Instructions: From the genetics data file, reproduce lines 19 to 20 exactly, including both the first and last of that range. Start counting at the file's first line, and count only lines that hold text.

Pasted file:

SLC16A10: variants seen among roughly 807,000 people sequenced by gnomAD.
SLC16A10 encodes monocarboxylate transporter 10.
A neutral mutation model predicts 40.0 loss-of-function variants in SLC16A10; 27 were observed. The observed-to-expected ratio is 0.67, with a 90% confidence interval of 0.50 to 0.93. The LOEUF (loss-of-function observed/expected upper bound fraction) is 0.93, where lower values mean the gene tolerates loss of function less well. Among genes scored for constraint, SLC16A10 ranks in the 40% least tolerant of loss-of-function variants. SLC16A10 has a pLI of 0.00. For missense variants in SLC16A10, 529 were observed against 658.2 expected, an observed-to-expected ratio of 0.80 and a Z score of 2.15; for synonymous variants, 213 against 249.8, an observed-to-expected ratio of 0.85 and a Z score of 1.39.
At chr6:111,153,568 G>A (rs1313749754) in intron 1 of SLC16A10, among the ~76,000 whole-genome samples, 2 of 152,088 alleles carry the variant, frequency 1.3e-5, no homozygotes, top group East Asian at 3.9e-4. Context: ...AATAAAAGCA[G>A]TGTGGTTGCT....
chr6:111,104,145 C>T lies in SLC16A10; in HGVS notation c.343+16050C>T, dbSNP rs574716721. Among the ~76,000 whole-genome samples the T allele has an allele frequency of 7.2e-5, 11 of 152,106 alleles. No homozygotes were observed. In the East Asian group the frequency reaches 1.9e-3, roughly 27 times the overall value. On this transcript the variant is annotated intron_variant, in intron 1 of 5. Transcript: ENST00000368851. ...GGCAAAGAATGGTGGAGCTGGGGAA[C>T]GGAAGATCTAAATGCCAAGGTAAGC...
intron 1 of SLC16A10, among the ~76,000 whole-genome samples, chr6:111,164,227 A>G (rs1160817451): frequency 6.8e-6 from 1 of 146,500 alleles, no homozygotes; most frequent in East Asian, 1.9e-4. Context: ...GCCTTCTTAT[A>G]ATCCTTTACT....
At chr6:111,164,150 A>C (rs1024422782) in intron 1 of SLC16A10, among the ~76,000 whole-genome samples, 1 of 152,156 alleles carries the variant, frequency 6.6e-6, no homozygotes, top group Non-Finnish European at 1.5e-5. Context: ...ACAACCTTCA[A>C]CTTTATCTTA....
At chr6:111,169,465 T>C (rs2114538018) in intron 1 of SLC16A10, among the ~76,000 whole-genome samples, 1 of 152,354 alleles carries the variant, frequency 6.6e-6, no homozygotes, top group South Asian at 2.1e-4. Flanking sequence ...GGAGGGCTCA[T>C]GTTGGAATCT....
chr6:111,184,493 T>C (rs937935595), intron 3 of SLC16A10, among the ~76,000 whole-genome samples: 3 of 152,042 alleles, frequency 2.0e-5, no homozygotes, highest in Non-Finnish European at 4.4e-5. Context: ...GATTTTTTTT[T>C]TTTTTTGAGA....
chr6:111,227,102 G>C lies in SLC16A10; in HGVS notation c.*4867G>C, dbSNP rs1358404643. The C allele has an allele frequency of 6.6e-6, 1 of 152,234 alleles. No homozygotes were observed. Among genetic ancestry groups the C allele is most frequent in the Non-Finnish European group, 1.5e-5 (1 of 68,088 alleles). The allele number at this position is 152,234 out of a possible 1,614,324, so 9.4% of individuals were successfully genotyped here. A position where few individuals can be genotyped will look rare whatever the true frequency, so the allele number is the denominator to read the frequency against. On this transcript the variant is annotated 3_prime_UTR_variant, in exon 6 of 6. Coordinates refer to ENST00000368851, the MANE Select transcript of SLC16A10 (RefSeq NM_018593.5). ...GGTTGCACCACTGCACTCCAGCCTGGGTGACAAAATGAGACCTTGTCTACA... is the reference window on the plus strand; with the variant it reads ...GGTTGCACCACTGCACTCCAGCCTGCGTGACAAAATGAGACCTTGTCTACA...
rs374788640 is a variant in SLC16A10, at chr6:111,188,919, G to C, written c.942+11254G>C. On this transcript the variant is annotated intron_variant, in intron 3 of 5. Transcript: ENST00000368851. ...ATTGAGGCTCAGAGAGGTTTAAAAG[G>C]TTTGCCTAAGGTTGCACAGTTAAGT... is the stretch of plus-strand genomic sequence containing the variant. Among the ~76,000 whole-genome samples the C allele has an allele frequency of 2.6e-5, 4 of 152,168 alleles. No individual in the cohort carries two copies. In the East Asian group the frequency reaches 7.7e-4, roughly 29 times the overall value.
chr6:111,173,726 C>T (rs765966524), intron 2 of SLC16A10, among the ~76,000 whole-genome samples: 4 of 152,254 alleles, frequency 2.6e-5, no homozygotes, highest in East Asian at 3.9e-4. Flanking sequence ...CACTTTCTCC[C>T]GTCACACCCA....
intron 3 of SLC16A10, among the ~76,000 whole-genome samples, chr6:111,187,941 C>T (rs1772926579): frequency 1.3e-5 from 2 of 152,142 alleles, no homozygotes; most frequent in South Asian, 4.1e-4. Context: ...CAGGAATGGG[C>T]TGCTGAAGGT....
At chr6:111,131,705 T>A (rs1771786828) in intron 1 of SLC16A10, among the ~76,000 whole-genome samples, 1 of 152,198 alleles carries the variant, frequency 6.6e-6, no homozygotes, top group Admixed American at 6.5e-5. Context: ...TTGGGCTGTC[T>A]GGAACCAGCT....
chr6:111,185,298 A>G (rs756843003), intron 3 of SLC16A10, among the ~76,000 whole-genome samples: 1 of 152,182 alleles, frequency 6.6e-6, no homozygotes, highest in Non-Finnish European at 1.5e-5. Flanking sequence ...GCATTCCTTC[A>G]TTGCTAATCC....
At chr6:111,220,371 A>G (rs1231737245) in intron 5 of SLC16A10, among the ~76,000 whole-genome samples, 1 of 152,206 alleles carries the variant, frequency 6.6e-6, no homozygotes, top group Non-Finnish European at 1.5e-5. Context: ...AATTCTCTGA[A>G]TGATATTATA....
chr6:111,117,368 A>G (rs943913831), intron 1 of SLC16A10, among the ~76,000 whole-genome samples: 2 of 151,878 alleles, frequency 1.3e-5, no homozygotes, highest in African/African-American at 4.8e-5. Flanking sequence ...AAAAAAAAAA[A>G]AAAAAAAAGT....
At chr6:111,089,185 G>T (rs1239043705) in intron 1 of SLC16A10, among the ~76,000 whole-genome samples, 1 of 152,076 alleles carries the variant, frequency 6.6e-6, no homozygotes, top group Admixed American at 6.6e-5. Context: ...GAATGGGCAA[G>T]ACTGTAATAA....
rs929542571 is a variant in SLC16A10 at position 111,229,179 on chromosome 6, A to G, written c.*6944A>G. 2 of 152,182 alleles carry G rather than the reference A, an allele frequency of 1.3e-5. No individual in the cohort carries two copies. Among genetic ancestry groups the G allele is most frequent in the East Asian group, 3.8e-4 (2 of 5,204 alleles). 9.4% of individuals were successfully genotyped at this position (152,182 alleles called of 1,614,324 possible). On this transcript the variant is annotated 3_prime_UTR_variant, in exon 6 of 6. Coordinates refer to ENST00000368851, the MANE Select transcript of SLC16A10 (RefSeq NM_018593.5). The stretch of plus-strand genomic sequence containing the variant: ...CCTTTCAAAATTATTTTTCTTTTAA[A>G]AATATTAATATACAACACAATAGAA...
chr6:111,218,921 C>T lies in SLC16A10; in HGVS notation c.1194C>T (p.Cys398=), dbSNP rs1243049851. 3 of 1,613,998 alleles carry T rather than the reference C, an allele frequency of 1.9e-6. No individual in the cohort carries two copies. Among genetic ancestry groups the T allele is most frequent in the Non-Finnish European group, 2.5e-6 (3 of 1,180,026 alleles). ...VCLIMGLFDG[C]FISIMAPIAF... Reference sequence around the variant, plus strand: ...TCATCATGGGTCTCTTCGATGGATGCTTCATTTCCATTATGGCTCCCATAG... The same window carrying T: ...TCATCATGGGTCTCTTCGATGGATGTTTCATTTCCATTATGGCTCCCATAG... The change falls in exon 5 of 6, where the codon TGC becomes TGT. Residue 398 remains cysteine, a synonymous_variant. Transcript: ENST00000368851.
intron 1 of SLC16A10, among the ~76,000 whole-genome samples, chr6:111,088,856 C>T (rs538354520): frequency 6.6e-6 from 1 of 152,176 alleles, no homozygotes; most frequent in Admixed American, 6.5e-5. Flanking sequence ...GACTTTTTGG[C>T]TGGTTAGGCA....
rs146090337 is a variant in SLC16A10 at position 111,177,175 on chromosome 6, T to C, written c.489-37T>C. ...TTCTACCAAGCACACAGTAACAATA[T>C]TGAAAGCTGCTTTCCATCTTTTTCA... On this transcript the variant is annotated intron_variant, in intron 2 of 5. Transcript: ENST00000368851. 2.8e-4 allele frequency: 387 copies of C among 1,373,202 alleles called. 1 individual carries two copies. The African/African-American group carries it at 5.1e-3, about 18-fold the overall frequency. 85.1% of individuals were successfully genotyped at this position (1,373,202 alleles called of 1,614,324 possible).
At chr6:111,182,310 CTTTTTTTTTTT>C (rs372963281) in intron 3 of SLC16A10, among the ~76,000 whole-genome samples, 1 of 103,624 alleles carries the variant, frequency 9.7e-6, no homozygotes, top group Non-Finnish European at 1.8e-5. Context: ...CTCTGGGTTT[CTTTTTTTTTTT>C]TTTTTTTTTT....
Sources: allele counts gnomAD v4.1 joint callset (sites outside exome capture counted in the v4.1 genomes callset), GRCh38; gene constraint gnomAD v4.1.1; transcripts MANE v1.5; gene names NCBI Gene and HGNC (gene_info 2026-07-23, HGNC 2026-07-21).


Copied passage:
rs929542571 is a variant in SLC16A10 at position 111,229,179 on chromosome 6, A to G, written c.*6944A>G. 2 of 152,182 alleles carry G rather than the reference A, an allele frequency of 1.3e-5. No individual in the cohort carries two copies. Among genetic ancestry groups the G allele is most frequent in the East Asian group, 3.8e-4 (2 of 5,204 alleles). 9.4% of individuals were successfully genotyped at this position (152,182 alleles called of 1,614,324 possible). On this transcript the variant is annotated 3_prime_UTR_variant, in exon 6 of 6. Coordinates refer to ENST00000368851, the MANE Select transcript of SLC16A10 (RefSeq NM_018593.5). The stretch of plus-strand genomic sequence containing the variant: ...CCTTTCAAAATTATTTTTCTTTTAA[A>G]AATATTAATATACAACACAATAGAA...
chr6:111,218,921 C>T lies in SLC16A10; in HGVS notation c.1194C>T (p.Cys398=), dbSNP rs1243049851. 3 of 1,613,998 alleles carry T rather than the reference C, an allele frequency of 1.9e-6. No individual in the cohort carries two copies. Among genetic ancestry groups the T allele is most frequent in the Non-Finnish European group, 2.5e-6 (3 of 1,180,026 alleles). ...VCLIMGLFDG[C]FISIMAPIAF... Reference sequence around the variant, plus strand: ...TCATCATGGGTCTCTTCGATGGATGCTTCATTTCCATTATGGCTCCCATAG... The same window carrying T: ...TCATCATGGGTCTCTTCGATGGATGTTTCATTTCCATTATGGCTCCCATAG... The change falls in exon 5 of 6, where the codon TGC becomes TGT. Residue 398 remains cysteine, a synonymous_variant. Transcript: ENST00000368851.